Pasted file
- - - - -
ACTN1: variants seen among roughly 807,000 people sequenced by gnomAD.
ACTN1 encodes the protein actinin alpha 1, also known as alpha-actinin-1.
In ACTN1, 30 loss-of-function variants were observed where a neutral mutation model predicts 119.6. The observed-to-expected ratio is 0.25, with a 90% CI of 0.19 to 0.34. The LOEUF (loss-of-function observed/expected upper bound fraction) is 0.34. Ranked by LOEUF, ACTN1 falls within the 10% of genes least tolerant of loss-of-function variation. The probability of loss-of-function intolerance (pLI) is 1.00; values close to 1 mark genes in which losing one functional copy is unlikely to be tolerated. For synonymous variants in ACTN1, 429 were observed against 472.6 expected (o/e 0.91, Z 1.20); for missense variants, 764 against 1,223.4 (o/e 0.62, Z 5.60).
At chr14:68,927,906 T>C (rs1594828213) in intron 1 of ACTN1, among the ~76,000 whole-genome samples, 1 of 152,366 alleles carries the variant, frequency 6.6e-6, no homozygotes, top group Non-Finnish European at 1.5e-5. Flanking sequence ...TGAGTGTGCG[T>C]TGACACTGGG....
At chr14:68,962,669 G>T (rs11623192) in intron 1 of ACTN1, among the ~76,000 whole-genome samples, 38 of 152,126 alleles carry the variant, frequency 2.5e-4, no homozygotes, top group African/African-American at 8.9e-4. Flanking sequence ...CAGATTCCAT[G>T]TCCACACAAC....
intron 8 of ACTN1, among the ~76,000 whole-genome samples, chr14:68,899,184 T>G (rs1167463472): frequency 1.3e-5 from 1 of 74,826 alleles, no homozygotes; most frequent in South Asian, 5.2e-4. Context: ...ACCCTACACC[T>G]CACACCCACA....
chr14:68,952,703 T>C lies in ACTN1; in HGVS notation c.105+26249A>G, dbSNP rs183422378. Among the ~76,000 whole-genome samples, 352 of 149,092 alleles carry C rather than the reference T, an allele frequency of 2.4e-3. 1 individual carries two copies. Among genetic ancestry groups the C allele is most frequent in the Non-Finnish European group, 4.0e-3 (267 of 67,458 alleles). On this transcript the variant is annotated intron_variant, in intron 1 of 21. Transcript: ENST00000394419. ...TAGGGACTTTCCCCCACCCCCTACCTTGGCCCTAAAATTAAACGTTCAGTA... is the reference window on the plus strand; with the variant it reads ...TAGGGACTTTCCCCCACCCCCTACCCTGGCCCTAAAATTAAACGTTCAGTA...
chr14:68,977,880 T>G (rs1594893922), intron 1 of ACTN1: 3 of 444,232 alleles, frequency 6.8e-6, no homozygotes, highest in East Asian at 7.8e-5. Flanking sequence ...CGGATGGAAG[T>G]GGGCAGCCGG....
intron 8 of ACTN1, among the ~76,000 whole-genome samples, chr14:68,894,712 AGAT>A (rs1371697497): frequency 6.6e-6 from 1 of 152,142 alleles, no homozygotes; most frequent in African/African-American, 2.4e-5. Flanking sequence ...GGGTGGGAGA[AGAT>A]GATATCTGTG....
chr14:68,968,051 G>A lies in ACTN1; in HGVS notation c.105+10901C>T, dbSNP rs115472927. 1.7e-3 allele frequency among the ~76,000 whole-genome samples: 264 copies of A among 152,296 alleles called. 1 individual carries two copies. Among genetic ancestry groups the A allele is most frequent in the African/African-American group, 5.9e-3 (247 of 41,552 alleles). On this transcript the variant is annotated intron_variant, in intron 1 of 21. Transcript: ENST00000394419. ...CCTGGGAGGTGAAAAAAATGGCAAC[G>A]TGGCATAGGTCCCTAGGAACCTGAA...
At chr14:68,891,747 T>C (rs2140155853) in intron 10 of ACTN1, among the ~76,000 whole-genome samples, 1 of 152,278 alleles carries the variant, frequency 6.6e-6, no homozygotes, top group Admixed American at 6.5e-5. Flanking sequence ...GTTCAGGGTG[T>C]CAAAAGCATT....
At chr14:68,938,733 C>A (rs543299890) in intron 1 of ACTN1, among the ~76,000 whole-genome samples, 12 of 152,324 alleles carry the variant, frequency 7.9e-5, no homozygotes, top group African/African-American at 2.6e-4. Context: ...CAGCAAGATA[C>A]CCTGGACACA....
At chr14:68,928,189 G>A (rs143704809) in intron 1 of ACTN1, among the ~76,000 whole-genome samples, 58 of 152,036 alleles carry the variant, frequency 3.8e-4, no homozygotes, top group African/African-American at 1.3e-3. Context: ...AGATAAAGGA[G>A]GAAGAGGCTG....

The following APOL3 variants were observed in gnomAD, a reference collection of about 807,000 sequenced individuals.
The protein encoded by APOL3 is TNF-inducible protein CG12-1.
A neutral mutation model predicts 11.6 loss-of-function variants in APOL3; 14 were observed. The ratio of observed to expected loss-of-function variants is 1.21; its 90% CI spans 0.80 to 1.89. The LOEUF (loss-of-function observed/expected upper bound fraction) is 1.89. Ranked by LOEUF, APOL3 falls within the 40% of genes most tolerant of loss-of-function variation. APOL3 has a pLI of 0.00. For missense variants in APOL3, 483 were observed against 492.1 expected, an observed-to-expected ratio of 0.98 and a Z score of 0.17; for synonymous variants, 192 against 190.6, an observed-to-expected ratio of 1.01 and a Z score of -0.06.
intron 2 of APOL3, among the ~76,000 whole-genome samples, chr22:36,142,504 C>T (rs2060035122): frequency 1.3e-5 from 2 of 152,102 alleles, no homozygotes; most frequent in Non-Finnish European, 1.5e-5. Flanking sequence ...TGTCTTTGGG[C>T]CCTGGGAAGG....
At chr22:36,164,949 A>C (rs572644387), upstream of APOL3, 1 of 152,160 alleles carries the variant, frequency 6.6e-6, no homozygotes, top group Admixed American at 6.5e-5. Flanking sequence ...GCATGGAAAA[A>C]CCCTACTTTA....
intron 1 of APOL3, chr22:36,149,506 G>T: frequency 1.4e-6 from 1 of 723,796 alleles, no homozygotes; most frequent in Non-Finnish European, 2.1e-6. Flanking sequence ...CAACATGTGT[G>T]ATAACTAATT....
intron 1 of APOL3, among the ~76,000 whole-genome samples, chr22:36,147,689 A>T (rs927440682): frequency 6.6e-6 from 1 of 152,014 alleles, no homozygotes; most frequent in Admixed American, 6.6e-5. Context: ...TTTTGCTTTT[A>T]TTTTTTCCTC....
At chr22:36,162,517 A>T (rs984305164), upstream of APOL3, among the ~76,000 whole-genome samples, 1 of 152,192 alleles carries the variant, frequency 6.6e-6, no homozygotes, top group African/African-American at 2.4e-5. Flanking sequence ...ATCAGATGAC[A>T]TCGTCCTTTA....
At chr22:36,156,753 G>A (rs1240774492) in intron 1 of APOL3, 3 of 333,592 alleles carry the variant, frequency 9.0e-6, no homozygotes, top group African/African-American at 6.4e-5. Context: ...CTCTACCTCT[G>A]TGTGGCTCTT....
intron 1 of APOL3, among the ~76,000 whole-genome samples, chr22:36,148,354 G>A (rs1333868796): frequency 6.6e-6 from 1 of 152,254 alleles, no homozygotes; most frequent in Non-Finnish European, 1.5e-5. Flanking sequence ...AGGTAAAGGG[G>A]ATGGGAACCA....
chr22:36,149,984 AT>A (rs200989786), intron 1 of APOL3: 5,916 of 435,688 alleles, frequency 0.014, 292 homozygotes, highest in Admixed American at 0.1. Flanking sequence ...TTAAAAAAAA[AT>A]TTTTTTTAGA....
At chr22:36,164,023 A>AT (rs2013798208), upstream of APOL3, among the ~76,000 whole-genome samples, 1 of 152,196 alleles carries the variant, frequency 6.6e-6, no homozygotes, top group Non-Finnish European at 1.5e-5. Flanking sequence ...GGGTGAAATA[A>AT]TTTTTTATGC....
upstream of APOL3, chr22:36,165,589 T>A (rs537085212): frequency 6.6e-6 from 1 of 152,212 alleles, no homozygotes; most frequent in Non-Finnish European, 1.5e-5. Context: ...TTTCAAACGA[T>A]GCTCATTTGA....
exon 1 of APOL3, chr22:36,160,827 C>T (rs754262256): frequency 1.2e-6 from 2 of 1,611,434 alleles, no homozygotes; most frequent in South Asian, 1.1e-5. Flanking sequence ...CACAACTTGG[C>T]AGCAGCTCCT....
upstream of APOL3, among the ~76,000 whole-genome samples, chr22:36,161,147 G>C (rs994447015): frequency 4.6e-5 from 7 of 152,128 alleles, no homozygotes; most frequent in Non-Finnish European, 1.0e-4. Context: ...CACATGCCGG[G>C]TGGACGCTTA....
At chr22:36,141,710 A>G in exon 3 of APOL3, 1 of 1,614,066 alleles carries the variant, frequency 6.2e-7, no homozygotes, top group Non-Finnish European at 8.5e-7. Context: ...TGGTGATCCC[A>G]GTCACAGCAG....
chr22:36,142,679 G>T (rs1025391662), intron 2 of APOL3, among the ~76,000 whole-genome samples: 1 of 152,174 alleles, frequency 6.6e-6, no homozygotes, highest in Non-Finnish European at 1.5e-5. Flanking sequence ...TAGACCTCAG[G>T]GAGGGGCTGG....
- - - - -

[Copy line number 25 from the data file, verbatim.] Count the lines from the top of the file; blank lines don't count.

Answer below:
At chr22:36,164,023 A>AT (rs2013798208), upstream of APOL3, among the ~76,000 whole-genome samples, 1 of 152,196 alleles carries the variant, frequency 6.6e-6, no homozygotes, top group Non-Finnish European at 1.5e-5. Flanking sequence ...GGGTGAAATA[A>AT]TTTTTTATGC....